Fermilab Today Tuesday, January 27, 2009

NOvA experimenters busy in 2009

A stack of 53-foot- long PVC extrusions ready to be loaded onto a semi-trailer.

NOvA will shoot a beam of particles from Fermilab in Illinois to the Soudan Mine in Minnesota.

NOvA experimenters will converge on the MINOS surface building at Fermilab this year as physicists use it as a testing ground for the design of their 15,000 ton detector before taking it underground in Minnesota.

This next-generation neutrino project will send a beam of subatomic particles from Fermilab 450 miles underground to a detector in Minnesota. NOvA will test some of the most fundamental questions in particle physics: How did matter survive after the Big Bang, allowing for the formation of a matter-dominated universe?

In essence, NOvA will delve into how the universe evolved by studying how neutrinos can toggle among different neutrino types during the subterranean trip from Fermilab to the Northern detector. NOvA also will study how the masses of those types are ordered in a hierarchy.

NOvA is the only long-baseline, near-future experiment to study mass hierarchy. The results could give weight to a specific theory of unification – how the four fundamental forces of nature meld together at high energies, such as just after the Big Bang. Homing in on a specific unification theory would narrow the area physicists should search to look for physics beyond the Standard Model, the current understanding of particles and forces.

But before researchers can test unification theories, they need to test quality, using three full-size prototypes of small sections of the mammoth detector. The work follows an approved long-term procurement and construction timeline.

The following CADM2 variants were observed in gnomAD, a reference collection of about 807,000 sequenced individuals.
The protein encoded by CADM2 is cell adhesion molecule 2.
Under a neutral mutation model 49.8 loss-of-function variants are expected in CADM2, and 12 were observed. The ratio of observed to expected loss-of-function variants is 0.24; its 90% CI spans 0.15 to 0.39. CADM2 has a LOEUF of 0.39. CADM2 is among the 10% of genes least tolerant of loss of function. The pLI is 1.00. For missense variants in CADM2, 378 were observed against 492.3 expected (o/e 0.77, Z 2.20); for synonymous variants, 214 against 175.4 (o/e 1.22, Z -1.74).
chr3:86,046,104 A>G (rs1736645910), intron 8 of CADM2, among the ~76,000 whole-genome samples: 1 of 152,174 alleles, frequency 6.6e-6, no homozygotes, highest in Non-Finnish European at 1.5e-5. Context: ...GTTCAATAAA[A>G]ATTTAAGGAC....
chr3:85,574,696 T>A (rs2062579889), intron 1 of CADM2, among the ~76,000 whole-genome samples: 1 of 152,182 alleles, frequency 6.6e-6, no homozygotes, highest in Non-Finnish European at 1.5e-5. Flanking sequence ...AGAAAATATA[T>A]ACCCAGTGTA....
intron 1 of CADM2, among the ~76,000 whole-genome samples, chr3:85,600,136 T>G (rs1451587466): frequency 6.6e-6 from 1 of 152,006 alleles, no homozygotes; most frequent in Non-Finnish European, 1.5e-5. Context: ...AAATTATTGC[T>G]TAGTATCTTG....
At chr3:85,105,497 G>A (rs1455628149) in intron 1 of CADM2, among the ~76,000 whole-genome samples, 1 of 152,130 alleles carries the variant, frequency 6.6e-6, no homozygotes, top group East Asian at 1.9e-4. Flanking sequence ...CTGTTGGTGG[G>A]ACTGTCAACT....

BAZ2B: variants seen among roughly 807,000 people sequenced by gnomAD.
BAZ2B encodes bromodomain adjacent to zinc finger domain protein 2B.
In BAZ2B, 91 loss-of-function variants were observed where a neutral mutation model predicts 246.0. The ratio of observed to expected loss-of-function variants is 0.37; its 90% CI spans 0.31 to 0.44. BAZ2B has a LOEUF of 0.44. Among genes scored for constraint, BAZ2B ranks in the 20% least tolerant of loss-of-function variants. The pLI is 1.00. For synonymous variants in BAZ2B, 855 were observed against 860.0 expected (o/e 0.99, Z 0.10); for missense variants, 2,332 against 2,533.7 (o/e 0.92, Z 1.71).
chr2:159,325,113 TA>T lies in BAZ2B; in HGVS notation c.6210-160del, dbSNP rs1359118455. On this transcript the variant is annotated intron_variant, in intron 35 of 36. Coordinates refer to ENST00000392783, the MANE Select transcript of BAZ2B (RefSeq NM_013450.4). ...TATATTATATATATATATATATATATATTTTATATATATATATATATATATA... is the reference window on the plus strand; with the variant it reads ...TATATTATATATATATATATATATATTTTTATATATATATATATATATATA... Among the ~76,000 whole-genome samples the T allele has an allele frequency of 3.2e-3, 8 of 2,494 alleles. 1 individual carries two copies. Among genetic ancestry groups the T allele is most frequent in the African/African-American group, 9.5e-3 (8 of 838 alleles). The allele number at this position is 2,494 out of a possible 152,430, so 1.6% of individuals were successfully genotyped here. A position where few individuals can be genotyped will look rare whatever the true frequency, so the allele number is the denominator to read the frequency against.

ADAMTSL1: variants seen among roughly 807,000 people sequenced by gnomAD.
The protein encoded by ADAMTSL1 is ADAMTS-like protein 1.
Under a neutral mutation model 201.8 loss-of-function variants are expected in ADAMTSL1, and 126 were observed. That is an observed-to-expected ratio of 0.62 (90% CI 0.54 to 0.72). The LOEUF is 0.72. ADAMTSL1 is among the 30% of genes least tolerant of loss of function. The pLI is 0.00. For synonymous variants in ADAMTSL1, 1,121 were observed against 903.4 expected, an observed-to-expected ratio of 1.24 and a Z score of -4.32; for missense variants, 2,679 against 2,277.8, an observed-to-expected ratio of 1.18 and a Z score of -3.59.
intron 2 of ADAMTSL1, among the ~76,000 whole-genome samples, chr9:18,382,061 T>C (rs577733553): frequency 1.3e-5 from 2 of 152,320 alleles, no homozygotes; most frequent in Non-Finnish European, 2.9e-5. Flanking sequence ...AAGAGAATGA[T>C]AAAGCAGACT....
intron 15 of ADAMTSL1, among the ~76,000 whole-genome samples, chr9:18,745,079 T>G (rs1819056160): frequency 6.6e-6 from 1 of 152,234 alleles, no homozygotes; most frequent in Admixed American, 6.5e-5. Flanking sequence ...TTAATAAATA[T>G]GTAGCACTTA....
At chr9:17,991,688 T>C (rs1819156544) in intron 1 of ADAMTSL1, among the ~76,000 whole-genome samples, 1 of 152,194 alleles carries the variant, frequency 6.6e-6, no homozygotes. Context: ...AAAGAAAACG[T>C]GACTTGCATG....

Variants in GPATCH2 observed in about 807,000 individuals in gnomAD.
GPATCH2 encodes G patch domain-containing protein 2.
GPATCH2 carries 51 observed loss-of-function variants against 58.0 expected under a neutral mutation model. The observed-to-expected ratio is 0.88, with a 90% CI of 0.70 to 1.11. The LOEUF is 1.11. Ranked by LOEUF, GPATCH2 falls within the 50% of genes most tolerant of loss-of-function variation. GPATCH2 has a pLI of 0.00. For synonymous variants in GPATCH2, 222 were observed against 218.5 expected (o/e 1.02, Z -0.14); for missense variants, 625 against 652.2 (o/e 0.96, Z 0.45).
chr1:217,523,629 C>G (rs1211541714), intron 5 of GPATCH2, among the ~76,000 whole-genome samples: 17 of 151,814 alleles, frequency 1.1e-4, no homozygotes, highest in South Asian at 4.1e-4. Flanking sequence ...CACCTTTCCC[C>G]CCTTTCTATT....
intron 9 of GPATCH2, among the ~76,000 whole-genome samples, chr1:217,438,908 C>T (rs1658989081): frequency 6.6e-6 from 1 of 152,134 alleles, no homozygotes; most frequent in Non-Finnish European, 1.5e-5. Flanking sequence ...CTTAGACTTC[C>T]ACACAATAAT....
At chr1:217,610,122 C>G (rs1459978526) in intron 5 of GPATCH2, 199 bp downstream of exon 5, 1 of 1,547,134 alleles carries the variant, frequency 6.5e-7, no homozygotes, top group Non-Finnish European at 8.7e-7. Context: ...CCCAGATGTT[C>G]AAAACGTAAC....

At the same time, Fermilab will upgrade the accelerator system for the new beam, and other collaborators from Fermilab and in Minnesota will ready the detector hall in Ash River, Minn., on the Canadian border.

“There are a lot of things to work on, they just aren’t super visible,” said Project Manager John Cooper. “The scale of the detector means we have to break our prototyping into manageable chunks.”

Currently, experimenters are building a large vacuum lifter and adhesive machine needed for construction this summer at Argonne of a full-size prototype of the detector's plastic structure, minus the scintillate, the material that detects the particle’s path.

At Fermilab, collaborators will use a mini-prototype structure at the CZero building along the Tevatron ring to test the bottom seal under the full pressure of scintillate. A full-height prototype of one block of the detector – 31 planes glued together -- in the CDF assembly hall will test the stress resistance of the plastic and steel structure. By filling the PVC cell with liquid, experimenters can monitor how the cell bows with the pressure.

By fall, experimenters should be able to move the prototype pieces from Argonne to a newly constructed interior hall in the MINOS building for sample data taking by fall 2010.

Physicists hope to start taking data in Minnesota by July 2012.

--Tona Kunz

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